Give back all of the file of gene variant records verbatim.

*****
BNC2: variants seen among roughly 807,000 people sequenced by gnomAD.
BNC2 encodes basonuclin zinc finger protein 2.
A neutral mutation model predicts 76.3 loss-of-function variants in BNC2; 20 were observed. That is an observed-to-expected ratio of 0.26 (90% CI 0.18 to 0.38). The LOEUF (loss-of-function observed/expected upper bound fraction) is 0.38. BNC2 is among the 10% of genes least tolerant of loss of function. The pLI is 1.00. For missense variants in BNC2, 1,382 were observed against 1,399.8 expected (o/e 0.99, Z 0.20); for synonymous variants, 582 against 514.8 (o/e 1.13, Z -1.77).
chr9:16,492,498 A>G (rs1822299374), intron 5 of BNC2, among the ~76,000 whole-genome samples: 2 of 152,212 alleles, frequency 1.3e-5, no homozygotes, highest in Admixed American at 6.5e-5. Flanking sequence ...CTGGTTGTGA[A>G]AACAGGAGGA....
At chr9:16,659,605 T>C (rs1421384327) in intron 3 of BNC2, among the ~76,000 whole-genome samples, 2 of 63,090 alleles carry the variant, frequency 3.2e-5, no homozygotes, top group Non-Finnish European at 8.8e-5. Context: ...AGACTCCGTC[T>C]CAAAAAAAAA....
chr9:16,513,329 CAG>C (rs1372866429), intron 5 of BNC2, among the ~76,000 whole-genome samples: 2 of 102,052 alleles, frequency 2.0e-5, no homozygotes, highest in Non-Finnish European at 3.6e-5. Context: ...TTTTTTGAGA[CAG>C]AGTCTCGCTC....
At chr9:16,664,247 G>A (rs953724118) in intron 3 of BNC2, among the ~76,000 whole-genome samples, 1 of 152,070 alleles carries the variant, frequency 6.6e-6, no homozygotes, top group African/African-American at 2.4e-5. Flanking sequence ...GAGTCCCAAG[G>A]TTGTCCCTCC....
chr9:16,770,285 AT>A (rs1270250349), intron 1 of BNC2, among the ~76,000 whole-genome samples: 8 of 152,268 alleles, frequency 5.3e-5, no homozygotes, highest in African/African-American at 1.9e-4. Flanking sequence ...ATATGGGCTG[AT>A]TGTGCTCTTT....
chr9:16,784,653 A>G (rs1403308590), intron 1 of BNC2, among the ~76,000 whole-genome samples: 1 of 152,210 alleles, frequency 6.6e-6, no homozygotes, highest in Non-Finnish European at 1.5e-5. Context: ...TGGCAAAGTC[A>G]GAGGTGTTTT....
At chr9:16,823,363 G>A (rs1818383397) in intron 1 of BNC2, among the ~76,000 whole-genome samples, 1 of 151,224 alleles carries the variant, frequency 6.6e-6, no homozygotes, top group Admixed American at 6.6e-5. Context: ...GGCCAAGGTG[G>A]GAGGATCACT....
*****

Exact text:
BNC2: variants seen among roughly 807,000 people sequenced by gnomAD.
BNC2 encodes basonuclin zinc finger protein 2.
A neutral mutation model predicts 76.3 loss-of-function variants in BNC2; 20 were observed. That is an observed-to-expected ratio of 0.26 (90% CI 0.18 to 0.38). The LOEUF (loss-of-function observed/expected upper bound fraction) is 0.38. BNC2 is among the 10% of genes least tolerant of loss of function. The pLI is 1.00. For missense variants in BNC2, 1,382 were observed against 1,399.8 expected (o/e 0.99, Z 0.20); for synonymous variants, 582 against 514.8 (o/e 1.13, Z -1.77).
chr9:16,492,498 A>G (rs1822299374), intron 5 of BNC2, among the ~76,000 whole-genome samples: 2 of 152,212 alleles, frequency 1.3e-5, no homozygotes, highest in Admixed American at 6.5e-5. Flanking sequence ...CTGGTTGTGA[A>G]AACAGGAGGA....
At chr9:16,659,605 T>C (rs1421384327) in intron 3 of BNC2, among the ~76,000 whole-genome samples, 2 of 63,090 alleles carry the variant, frequency 3.2e-5, no homozygotes, top group Non-Finnish European at 8.8e-5. Context: ...AGACTCCGTC[T>C]CAAAAAAAAA....
chr9:16,513,329 CAG>C (rs1372866429), intron 5 of BNC2, among the ~76,000 whole-genome samples: 2 of 102,052 alleles, frequency 2.0e-5, no homozygotes, highest in Non-Finnish European at 3.6e-5. Context: ...TTTTTTGAGA[CAG>C]AGTCTCGCTC....
At chr9:16,664,247 G>A (rs953724118) in intron 3 of BNC2, among the ~76,000 whole-genome samples, 1 of 152,070 alleles carries the variant, frequency 6.6e-6, no homozygotes, top group African/African-American at 2.4e-5. Flanking sequence ...GAGTCCCAAG[G>A]TTGTCCCTCC....
chr9:16,770,285 AT>A (rs1270250349), intron 1 of BNC2, among the ~76,000 whole-genome samples: 8 of 152,268 alleles, frequency 5.3e-5, no homozygotes, highest in African/African-American at 1.9e-4. Flanking sequence ...ATATGGGCTG[AT>A]TGTGCTCTTT....
chr9:16,784,653 A>G (rs1403308590), intron 1 of BNC2, among the ~76,000 whole-genome samples: 1 of 152,210 alleles, frequency 6.6e-6, no homozygotes, highest in Non-Finnish European at 1.5e-5. Context: ...TGGCAAAGTC[A>G]GAGGTGTTTT....
At chr9:16,823,363 G>A (rs1818383397) in intron 1 of BNC2, among the ~76,000 whole-genome samples, 1 of 151,224 alleles carries the variant, frequency 6.6e-6, no homozygotes, top group Admixed American at 6.6e-5. Context: ...GGCCAAGGTG[G>A]GAGGATCACT....